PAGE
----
Gitential inherently focuses on Agile which aims to be adaptive to ongoing changes, even when they come late during development. This does not preclude the use of predictive analytics. Agile software projects are subject to a range of parameters defined by software specifications and your development team.
Specifications will eventually define what the software needs to do, what functions it needs to have, along with how it must perform. Decisions will be made as to which programming languages, technologies, and resources will power it. Ostensibly, these should match your developer’s skills and experience.
Any change in your team will most likely have an impact on delivery, sprint planning, code pairing and mentoring, and so forth. Some of this can be reasonably predicted.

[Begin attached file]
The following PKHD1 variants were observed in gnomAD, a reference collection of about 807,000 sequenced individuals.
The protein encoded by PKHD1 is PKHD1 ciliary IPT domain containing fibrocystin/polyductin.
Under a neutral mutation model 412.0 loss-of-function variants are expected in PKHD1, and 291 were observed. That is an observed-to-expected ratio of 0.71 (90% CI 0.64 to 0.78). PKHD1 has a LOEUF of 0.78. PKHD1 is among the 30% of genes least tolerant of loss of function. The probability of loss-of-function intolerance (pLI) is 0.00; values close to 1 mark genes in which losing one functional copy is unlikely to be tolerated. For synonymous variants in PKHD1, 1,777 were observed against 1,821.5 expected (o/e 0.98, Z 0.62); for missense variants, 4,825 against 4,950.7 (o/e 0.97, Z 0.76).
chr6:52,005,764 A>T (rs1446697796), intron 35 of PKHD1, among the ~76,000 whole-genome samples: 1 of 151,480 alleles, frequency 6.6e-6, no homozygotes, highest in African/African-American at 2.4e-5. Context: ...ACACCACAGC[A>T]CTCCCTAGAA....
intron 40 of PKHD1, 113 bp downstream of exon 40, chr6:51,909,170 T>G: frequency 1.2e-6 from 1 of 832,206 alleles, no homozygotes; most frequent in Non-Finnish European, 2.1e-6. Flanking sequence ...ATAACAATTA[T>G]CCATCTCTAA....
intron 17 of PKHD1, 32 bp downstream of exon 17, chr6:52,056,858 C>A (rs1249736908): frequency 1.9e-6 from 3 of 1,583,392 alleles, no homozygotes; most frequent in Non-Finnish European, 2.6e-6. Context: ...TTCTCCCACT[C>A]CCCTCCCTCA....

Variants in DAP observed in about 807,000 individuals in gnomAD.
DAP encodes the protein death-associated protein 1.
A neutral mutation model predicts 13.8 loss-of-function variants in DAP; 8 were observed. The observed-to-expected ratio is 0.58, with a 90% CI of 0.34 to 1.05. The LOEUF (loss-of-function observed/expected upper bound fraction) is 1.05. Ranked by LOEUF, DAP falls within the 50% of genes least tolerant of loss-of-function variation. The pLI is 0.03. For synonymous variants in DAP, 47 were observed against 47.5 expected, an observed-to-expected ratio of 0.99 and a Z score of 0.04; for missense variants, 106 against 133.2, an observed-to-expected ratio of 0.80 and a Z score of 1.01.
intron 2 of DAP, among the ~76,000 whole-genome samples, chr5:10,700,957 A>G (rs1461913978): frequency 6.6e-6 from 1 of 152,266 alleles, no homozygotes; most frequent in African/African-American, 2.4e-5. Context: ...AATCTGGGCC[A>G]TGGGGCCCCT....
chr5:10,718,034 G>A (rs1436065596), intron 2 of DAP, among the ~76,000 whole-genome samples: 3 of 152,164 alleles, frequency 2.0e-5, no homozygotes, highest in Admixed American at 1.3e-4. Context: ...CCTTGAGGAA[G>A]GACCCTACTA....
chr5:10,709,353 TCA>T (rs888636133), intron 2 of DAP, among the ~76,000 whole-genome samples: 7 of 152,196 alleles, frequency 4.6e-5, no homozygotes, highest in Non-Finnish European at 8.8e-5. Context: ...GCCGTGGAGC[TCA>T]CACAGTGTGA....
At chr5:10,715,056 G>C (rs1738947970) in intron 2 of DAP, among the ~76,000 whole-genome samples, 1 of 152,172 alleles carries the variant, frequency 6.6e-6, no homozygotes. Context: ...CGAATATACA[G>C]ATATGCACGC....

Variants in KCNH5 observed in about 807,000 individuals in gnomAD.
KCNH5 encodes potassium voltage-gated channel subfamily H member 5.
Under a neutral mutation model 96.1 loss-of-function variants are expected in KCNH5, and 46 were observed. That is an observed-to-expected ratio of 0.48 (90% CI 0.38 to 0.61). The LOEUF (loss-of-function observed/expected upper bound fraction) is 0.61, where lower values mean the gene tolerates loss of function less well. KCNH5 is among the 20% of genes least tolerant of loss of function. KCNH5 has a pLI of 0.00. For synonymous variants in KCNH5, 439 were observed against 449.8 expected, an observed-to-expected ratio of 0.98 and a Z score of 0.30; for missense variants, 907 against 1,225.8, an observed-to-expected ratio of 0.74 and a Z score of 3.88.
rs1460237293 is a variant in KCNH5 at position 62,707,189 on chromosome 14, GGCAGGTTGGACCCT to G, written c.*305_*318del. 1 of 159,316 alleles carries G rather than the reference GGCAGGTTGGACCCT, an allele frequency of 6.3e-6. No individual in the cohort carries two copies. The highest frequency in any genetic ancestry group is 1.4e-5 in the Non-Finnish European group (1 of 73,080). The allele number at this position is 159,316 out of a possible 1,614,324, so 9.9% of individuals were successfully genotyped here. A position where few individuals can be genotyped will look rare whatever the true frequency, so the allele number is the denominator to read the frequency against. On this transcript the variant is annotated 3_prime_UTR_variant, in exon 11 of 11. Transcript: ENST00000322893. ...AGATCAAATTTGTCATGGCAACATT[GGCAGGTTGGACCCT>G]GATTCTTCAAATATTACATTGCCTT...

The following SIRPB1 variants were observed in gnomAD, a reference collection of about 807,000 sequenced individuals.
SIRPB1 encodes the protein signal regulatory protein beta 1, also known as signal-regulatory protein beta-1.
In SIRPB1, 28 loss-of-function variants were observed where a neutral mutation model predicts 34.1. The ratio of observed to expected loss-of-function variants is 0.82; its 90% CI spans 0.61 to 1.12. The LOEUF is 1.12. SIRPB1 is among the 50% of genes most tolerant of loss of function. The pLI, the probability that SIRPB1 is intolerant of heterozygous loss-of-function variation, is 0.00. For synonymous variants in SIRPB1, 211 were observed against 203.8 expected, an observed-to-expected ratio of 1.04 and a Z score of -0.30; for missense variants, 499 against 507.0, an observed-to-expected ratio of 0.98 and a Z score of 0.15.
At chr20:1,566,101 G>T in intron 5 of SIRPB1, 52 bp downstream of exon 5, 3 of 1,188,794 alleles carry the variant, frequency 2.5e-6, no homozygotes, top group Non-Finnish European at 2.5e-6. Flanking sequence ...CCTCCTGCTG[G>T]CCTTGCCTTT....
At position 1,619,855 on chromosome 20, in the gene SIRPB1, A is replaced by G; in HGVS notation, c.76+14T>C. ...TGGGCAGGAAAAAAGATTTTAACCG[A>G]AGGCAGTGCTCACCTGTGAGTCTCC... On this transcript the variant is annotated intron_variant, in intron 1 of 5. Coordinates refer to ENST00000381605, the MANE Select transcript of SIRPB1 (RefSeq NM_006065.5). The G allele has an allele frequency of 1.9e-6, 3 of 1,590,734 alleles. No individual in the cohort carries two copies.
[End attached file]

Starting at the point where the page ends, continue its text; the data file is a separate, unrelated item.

If a senior developer leaves mid-project, bottlenecks in the workflow can be expected, possibly an uptick in defects, those picking up the slack are likely to be less efficient as they’ll need to multi-task more, etc.
Adding lots of new/junior developers? Expect efficiency to drop hard, code complexity and defect rates to increase, and a slew of other issues.
The question is though… How much will the impact be? And then, there’s the question of how quickly you can help the team improve performance. Benchmarking helps to set realistic goals. There’s no danger in making comparisons between teams and projects, only when setting expectations, goals, and being able to factor them into release planning.